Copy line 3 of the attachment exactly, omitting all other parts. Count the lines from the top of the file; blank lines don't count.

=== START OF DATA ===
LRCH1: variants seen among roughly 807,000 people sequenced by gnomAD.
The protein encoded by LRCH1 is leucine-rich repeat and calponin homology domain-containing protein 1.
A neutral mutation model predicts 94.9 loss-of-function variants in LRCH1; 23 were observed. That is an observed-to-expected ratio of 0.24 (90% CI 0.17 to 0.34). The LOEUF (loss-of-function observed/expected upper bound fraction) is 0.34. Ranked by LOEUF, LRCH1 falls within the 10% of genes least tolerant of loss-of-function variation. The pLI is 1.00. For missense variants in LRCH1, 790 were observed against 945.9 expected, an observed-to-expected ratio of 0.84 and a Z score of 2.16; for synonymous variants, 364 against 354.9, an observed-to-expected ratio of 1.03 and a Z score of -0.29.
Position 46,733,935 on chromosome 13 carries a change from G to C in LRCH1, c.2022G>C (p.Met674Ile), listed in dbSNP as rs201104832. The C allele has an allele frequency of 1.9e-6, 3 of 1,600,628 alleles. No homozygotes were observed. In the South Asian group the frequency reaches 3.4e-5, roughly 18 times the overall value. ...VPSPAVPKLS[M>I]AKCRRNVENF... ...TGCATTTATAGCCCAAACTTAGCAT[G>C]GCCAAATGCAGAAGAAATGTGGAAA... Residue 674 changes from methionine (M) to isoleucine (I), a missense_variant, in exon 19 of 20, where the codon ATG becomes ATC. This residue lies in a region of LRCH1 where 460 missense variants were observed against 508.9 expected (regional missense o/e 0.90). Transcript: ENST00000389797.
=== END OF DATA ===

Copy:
A neutral mutation model predicts 94.9 loss-of-function variants in LRCH1; 23 were observed. That is an observed-to-expected ratio of 0.24 (90% CI 0.17 to 0.34). The LOEUF (loss-of-function observed/expected upper bound fraction) is 0.34. Ranked by LOEUF, LRCH1 falls within the 10% of genes least tolerant of loss-of-function variation. The pLI is 1.00. For missense variants in LRCH1, 790 were observed against 945.9 expected, an observed-to-expected ratio of 0.84 and a Z score of 2.16; for synonymous variants, 364 against 354.9, an observed-to-expected ratio of 1.03 and a Z score of -0.29.